These are problems associated with gallstones, and are not necessarily symptoms. Typically the weight or weight loss happens first, and then gallbladder issues develop. Why? People who are obese are at greater risk of gallstones. And while losing weight can help decrease the risk, very rapid weight loss can make you more prone to forming gallstones. "Patients who experience gastric bypass surgery or stapling surgery, when they lose a lot of weight very quickly, that's often associated with forming gallstones," says Dr. Yang.
Pacing is important. Dr. Yang recommends, "slow, steady, healthy weight loss" over crash diets.
Abnormalities in ultrasound, MRI, HIDA scan
The gallbladder is a hollow organ, and gallstones can show as solid masses in the gallbladder or the bile duct on an ultrasound. This non-invasive test is the usually the first step to investigating problems in the gallbladder, explains Dr. Yang. Doctors can take note of the size of the gallbladder and if any swelling or thickening of the walls has occurred, as those may be signs of inflammation. Other tests include magnetic resonance imaging, or MRIS, which can be more helpful to look at ducts. Finally, a hepatobiliary, or HIDA, scan can show how well the gallbladder is emptying itself. During the test, a radioactive tracer in injected in your arm and used to visualize the ducts. Sometimes these procedures can be helpful when a gallbladder disease diagnosis isn’t clear on an ultrasound. "[The tests] may explain why someone may be having gallbladder symptoms without clearly a stone or something causing obstruction," says Dr. Yang.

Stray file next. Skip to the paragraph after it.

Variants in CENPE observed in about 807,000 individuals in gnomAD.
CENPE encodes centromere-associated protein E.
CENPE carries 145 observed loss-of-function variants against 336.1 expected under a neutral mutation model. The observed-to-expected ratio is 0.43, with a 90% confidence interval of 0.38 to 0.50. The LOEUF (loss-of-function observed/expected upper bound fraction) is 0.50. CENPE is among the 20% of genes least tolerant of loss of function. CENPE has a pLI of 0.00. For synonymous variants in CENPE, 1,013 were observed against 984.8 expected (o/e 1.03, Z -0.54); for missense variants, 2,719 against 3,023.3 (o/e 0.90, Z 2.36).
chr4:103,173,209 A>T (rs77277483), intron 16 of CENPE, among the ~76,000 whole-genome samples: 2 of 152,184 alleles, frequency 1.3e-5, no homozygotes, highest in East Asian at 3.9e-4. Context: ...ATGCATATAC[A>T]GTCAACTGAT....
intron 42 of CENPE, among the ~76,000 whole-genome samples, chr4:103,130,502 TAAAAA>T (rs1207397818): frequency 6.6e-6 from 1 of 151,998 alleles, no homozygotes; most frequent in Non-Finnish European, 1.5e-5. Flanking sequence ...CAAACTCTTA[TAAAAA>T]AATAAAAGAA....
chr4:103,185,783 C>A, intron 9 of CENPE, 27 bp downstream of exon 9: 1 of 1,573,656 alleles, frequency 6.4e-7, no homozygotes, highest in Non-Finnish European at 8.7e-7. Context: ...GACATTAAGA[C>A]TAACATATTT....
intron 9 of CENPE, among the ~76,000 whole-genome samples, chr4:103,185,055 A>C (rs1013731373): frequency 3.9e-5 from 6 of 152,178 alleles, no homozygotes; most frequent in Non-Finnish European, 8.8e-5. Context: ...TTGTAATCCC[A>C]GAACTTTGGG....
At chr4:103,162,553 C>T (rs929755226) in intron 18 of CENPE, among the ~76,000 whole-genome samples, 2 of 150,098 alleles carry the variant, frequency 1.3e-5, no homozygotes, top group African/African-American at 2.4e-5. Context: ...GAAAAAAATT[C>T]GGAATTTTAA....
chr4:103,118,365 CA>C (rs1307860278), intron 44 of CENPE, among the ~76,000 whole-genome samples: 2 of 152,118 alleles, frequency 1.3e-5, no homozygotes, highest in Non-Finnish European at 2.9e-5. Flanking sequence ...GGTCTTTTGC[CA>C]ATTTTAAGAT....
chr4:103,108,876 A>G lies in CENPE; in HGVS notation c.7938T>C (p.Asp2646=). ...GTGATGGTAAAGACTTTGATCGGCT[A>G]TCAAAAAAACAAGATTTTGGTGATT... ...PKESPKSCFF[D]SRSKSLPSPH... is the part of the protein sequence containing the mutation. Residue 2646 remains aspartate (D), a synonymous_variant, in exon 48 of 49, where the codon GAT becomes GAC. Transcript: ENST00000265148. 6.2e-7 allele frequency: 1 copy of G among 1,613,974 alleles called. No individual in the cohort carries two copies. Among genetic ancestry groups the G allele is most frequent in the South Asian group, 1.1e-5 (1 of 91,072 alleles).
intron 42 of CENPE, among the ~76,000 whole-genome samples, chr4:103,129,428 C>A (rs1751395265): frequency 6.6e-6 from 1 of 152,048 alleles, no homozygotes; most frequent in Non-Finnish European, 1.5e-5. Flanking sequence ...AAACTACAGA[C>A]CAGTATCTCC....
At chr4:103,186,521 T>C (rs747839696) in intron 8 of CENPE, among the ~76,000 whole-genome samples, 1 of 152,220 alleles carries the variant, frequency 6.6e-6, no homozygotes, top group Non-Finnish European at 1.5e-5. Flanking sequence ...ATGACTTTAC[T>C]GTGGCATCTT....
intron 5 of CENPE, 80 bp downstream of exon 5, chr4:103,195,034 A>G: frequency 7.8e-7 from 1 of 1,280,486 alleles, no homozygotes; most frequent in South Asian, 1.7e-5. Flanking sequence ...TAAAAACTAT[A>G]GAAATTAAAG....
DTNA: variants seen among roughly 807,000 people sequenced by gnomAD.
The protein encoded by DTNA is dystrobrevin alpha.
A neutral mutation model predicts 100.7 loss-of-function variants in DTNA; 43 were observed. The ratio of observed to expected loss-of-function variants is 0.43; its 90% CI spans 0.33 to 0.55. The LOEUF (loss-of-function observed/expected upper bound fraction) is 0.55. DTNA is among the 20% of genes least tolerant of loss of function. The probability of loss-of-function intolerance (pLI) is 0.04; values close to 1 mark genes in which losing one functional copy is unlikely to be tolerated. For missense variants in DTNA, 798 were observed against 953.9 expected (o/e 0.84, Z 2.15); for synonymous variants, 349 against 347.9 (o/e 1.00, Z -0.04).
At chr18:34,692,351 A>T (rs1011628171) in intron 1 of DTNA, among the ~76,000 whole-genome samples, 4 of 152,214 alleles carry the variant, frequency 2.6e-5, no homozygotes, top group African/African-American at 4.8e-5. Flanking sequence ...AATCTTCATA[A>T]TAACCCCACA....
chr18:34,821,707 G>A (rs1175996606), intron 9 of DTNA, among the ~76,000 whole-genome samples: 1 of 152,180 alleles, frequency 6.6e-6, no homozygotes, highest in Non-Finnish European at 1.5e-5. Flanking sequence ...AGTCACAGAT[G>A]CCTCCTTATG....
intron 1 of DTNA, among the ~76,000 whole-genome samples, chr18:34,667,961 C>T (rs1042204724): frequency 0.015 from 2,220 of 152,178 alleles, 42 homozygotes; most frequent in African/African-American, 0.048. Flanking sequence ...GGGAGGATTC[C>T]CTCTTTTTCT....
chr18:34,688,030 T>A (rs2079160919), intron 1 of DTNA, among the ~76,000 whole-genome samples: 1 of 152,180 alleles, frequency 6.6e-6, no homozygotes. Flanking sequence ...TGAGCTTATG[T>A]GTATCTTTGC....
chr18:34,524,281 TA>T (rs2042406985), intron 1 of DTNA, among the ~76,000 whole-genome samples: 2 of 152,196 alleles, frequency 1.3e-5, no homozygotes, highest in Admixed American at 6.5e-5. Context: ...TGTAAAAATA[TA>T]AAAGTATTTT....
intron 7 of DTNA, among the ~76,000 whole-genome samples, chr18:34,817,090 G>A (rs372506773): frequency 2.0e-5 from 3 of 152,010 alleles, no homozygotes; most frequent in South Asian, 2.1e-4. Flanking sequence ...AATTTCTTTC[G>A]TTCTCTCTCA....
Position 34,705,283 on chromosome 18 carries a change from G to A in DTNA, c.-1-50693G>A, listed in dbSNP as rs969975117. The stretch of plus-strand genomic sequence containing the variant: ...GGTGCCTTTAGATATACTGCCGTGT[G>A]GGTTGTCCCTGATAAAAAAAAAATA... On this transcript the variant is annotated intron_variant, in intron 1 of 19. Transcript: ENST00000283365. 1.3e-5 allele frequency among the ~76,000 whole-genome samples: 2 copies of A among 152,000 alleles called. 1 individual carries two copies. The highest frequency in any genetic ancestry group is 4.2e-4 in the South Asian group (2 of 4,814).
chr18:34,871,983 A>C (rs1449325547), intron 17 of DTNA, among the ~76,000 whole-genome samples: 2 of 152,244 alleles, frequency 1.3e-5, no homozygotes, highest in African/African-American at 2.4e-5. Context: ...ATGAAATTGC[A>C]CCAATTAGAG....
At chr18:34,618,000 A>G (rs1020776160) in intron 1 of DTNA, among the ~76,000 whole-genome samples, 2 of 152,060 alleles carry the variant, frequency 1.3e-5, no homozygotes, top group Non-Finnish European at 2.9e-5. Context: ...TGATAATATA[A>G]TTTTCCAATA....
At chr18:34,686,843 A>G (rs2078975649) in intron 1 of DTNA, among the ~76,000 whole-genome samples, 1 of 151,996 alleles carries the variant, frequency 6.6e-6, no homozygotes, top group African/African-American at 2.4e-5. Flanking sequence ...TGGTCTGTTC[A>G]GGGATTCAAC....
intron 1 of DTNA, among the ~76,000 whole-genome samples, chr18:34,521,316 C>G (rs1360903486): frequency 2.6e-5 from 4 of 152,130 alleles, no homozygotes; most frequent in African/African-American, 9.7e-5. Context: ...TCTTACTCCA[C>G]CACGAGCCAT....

While right-sided abdominal pain is a classic symptom of gallbladder disease, sometimes what feels like abdominal pain is actually a heart or lung condition. "People (especially women) may have atypical presentations of heart attacks or other cardiac problems, and these may present as abdominal pain rather than chest pain," says Dr. Yang.
Pneumonia, especially if it is in the lower part of the right lung, Dr. Yang continues, may also feel like right-sided upper abdominal pain. And if you experience fever and chills along with the abdominal pain, it could mean there’s an acute inflammation of the gallbladder that's due to an infection, not gallstones. These symptoms may raise concerns that gut bacteria that are normally present in the intestines have invaded the gallbladder. Dr. Yang says this warrants immediate medical attention and may require surgery.
Overall, if any symptoms recur or persist, patients "should definitely be evaluated by their doctor," Dr. Yang recommends. "They should speak with their doctor to see if they need to be evaluated more urgently in the ER or if they can be seen in the office the next day for further work up."